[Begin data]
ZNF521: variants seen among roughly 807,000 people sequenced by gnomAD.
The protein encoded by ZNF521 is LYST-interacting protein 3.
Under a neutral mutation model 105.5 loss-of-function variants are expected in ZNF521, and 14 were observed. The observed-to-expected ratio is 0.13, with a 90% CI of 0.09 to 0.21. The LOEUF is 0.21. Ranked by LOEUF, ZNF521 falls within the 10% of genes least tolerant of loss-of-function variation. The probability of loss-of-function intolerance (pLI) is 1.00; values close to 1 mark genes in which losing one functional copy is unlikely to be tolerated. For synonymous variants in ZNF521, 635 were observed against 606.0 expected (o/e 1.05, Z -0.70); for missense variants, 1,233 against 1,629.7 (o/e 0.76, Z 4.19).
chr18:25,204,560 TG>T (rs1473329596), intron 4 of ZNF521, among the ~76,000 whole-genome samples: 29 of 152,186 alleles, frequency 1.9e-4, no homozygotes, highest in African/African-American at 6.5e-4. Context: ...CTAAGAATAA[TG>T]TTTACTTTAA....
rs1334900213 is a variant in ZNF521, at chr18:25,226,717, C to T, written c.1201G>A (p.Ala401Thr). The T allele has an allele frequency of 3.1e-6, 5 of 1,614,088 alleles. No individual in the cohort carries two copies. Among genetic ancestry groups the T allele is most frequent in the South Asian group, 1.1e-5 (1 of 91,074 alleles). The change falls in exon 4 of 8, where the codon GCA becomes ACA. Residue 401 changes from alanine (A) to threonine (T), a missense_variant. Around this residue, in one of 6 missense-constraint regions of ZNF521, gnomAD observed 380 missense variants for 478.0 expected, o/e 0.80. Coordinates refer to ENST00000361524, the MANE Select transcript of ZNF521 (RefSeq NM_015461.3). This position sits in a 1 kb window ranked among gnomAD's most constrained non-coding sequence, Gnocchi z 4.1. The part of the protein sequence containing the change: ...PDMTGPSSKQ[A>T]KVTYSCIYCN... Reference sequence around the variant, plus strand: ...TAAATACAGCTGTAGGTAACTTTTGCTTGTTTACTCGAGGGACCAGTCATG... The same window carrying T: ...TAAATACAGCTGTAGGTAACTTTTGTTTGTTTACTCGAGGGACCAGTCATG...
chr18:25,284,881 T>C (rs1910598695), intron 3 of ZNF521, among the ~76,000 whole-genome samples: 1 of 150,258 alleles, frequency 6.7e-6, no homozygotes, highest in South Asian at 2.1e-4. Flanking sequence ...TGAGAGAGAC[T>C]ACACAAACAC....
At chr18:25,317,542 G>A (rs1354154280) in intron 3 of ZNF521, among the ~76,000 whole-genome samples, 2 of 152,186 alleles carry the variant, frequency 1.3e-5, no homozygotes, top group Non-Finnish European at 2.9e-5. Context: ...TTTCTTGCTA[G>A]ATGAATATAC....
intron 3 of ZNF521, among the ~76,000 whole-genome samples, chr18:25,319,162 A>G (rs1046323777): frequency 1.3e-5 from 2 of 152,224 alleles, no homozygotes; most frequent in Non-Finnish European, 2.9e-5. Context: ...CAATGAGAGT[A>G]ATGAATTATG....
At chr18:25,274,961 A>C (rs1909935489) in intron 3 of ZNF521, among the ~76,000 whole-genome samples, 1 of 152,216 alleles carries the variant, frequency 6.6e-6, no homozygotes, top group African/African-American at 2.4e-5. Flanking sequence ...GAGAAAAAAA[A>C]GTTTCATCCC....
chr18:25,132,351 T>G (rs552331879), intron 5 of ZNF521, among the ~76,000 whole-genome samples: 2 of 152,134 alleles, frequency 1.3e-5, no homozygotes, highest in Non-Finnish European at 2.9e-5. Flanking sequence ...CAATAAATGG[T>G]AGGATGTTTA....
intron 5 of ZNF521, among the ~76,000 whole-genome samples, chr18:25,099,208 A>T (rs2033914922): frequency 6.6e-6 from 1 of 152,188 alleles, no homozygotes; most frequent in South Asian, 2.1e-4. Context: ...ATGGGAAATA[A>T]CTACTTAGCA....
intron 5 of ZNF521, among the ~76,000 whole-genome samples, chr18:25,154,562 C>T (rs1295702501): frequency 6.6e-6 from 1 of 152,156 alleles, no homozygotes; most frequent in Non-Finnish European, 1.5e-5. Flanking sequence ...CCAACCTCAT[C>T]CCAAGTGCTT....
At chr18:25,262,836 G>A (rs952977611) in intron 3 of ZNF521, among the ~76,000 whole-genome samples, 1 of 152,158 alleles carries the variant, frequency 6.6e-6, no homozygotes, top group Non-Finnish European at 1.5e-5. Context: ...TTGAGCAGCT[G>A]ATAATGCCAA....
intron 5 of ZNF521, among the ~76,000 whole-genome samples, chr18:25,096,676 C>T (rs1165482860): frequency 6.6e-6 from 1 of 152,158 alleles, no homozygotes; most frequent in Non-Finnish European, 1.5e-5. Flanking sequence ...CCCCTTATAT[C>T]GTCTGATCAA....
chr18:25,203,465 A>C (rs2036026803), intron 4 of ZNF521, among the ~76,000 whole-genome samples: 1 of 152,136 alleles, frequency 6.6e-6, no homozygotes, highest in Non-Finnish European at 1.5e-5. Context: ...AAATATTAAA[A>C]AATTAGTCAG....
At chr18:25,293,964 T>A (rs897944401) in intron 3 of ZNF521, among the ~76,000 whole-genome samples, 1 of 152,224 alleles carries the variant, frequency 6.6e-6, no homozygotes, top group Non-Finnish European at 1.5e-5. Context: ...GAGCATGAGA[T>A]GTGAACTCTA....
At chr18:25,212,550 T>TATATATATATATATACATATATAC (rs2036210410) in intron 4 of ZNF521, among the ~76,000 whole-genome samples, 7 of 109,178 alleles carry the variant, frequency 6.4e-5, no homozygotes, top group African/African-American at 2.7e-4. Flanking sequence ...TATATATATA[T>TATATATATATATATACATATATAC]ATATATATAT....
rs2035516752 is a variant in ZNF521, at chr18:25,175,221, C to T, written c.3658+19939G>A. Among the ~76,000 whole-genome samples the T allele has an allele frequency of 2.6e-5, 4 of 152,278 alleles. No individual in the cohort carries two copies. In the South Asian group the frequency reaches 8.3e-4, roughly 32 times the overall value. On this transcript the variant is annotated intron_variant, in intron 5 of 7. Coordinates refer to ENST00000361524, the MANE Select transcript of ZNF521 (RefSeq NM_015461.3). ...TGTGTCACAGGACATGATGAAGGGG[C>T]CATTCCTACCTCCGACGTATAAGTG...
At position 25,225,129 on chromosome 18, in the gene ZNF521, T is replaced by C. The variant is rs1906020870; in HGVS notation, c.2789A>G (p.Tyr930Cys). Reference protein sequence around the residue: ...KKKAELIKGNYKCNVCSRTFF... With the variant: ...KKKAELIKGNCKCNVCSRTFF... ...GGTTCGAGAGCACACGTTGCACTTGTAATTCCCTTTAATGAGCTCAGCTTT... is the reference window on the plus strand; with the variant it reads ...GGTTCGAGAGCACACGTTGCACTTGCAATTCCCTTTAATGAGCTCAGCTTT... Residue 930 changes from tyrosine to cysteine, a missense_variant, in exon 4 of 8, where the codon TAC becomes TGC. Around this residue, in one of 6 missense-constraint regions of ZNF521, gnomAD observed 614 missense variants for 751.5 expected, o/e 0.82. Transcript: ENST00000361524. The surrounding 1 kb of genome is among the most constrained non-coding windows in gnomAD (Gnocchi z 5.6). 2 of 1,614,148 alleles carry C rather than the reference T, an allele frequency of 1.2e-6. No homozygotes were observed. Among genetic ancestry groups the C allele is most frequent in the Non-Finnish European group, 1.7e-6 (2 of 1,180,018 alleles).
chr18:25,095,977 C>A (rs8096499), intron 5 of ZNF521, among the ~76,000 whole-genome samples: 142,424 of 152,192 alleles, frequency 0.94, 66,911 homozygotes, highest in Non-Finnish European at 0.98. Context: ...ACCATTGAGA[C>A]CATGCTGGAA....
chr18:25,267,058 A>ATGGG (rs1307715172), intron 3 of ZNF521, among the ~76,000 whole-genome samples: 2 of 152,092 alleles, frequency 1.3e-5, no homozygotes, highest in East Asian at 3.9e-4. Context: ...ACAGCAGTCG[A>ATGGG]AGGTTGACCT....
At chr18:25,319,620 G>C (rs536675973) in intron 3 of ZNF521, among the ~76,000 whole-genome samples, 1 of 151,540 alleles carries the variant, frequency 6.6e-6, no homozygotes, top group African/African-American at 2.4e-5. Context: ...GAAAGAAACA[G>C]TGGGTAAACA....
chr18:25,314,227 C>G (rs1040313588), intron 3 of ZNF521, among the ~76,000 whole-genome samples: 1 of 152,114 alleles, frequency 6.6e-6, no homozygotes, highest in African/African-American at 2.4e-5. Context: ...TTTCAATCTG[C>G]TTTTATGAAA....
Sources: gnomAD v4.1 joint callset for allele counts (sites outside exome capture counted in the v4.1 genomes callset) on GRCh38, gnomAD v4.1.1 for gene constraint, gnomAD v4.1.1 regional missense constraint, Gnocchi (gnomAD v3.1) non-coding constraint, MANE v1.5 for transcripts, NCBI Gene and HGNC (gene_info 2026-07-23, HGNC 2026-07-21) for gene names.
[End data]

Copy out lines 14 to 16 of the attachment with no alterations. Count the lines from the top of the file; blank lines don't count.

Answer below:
intron 5 of ZNF521, among the ~76,000 whole-genome samples, chr18:25,096,676 C>T (rs1165482860): frequency 6.6e-6 from 1 of 152,158 alleles, no homozygotes; most frequent in Non-Finnish European, 1.5e-5. Flanking sequence ...CCCCTTATAT[C>T]GTCTGATCAA....
chr18:25,203,465 A>C (rs2036026803), intron 4 of ZNF521, among the ~76,000 whole-genome samples: 1 of 152,136 alleles, frequency 6.6e-6, no homozygotes, highest in Non-Finnish European at 1.5e-5. Context: ...AAATATTAAA[A>C]AATTAGTCAG....
At chr18:25,293,964 T>A (rs897944401) in intron 3 of ZNF521, among the ~76,000 whole-genome samples, 1 of 152,224 alleles carries the variant, frequency 6.6e-6, no homozygotes, top group Non-Finnish European at 1.5e-5. Context: ...GAGCATGAGA[T>A]GTGAACTCTA....